more functionality to existing IPMI capabilities, including SOL (Serial-over-
LAN) and identity LED management.
* 'Tech preview of systemd.' Looking to the future? Check out systemd, a
next-generation replacement for Upstart and SystemV init. With faster boot
times, the ability to track processes, daemons, and sockets, and system state
snapshotting, this preview of systemd will have you prepped for the future.
Coders have lots of new development tools to try out, including:
* 'D Programming.' Statically typed and compiling directly to machine
code, the D systems programming language combines the power and performance of
languages like C and C++ with the productivity of languages like Ruby and
Python.
* 'GNUstep' is a GUI framework based on the Objective-C programming
language, and is a reimplementation of the NextStep environment.
* 'Memory debugging tools.' Unique to Fedora 14, the gdb-heap package
allows developers to get a breakdown of how a process is using dynamic memory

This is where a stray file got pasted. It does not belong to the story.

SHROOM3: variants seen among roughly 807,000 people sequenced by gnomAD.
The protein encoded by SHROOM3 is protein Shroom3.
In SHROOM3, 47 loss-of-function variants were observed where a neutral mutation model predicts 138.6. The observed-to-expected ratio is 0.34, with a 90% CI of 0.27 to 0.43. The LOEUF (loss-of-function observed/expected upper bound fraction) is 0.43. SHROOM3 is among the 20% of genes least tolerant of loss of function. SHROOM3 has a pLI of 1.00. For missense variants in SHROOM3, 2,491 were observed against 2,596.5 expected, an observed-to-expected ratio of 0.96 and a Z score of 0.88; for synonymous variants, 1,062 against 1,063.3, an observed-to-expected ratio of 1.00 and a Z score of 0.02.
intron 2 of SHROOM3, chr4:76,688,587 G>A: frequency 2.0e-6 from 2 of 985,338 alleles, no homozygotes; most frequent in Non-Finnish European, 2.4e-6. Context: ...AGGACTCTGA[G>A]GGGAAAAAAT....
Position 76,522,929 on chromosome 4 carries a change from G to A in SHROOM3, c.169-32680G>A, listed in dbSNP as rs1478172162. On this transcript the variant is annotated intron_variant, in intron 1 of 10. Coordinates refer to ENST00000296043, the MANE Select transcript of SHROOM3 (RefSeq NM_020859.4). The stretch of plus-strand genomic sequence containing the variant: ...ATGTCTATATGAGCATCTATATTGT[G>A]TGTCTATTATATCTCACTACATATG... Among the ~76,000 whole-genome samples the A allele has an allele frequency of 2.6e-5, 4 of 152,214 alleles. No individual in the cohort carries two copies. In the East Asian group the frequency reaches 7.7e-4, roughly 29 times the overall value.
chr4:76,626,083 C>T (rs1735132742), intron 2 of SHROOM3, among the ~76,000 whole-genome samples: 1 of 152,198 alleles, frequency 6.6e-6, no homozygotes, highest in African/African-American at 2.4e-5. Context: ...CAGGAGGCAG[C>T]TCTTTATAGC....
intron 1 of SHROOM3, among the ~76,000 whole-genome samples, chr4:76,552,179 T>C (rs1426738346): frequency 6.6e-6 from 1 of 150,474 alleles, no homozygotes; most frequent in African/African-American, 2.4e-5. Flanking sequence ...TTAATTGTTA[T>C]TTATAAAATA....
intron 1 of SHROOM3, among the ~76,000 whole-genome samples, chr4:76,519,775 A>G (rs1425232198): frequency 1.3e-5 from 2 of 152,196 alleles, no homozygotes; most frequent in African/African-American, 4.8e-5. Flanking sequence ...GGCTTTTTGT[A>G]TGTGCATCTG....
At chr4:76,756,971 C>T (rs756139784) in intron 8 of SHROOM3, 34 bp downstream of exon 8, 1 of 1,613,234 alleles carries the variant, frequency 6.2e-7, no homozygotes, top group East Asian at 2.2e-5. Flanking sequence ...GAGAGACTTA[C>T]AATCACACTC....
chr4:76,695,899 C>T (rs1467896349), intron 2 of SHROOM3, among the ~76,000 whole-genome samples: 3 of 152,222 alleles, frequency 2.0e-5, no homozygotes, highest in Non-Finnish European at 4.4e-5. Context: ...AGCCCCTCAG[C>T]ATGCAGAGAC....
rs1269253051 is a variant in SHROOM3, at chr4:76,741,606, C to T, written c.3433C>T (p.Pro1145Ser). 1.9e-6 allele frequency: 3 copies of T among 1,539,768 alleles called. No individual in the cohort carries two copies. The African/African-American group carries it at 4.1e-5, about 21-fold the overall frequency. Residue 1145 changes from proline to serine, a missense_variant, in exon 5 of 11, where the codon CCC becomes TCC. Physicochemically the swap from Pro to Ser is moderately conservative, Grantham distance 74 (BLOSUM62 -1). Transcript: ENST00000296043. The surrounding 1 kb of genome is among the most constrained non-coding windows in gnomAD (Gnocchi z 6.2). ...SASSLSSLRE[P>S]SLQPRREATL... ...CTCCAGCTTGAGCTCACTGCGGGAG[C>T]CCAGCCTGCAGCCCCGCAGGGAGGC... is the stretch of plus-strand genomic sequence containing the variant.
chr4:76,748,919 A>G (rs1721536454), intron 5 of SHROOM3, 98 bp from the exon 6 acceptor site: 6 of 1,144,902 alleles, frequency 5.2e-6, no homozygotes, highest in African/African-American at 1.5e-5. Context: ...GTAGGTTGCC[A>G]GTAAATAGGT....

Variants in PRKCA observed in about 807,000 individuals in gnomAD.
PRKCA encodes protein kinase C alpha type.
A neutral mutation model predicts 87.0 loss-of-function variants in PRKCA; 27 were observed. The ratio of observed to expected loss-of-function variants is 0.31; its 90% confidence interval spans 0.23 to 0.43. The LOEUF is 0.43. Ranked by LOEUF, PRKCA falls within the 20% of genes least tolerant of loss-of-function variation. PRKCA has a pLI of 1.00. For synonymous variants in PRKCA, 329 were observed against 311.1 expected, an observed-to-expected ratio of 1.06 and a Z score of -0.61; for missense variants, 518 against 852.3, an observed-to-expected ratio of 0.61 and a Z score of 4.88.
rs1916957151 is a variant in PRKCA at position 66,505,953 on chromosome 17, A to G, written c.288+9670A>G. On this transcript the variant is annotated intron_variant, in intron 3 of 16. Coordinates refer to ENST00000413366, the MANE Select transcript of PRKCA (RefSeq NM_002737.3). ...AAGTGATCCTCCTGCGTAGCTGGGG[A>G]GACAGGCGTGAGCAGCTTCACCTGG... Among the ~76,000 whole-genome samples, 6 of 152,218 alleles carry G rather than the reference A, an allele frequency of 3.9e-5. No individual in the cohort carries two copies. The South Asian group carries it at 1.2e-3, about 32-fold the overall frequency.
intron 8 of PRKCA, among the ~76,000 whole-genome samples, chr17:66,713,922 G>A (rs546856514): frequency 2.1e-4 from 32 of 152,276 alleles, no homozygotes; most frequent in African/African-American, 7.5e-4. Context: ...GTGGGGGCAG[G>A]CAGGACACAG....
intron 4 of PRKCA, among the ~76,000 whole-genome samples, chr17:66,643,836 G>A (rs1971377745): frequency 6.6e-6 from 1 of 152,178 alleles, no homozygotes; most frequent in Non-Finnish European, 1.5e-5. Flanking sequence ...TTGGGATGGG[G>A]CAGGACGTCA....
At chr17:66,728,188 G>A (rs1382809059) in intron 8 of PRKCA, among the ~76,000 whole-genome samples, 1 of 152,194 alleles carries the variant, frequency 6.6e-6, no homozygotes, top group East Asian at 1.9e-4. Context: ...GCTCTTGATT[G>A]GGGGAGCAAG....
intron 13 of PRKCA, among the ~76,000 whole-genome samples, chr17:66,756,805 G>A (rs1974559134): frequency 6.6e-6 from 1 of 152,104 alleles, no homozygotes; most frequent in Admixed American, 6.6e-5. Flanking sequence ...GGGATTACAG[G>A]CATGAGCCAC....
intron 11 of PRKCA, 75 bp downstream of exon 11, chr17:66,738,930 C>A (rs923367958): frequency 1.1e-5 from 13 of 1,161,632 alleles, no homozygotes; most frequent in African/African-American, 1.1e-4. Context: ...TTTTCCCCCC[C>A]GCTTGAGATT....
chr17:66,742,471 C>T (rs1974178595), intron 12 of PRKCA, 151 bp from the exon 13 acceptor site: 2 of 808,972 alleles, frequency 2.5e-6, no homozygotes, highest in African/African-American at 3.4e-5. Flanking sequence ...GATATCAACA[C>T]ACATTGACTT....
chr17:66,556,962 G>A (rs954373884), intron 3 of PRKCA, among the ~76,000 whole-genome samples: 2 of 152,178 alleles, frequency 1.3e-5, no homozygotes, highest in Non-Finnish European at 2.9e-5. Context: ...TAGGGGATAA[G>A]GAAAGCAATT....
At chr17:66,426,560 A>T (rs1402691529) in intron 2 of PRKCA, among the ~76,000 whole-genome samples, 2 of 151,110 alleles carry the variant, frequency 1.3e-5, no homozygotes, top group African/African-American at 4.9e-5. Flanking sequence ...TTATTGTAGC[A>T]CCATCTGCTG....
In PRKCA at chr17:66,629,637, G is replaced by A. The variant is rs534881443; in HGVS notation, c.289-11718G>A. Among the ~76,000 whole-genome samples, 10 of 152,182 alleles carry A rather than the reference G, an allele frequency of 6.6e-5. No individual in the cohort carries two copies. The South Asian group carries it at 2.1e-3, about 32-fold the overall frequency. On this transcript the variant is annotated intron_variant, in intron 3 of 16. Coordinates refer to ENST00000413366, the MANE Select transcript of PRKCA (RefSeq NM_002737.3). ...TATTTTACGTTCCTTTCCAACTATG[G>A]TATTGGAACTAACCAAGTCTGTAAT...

- and can do unplanned memory usage debugging by attaching to runaway memory
hogs, mid-process.
* 'Python 2.7' capabilities increases Fedora's commitment to improving
portability and migration paths for developers to move to Python 3. Enhanced
debugging and integration with GCC continue to be available in Fedora 14, and
Python-related enhancements such as fixing common problems with GObject
introspection and SWIG are also introduced.
* 'Rakudo Star' is the most actively developed implementation of Perl 6,
and is based on the Parrot virtual machine. Perl 6 is a major revision to
this sysadmin and developer toolbox standby, introducing elements of many
modern and historical languages.


And that's only the beginning. A more complete list and details of all the
new features onboard Fedora 14 is available here:

http://fedoraproject.org/wiki/Releases/14/FeatureList?wkanF14b

We have nightly composes of alternate spins available here:

http://alt.fedoraproject.org/pub/alt/nightly-composes/?wkanF14b

'Fedora 14 / Beta is for Carotene / Let's Push for Final!'

== Contributing ==

For more information including common and known bugs, tips on how to report
bugs, and the official release schedule, please refer to the release notes:

http://docs.fedoraproject.org?wkanF14b

There are many ways to contribute beyond bug reporting. You can help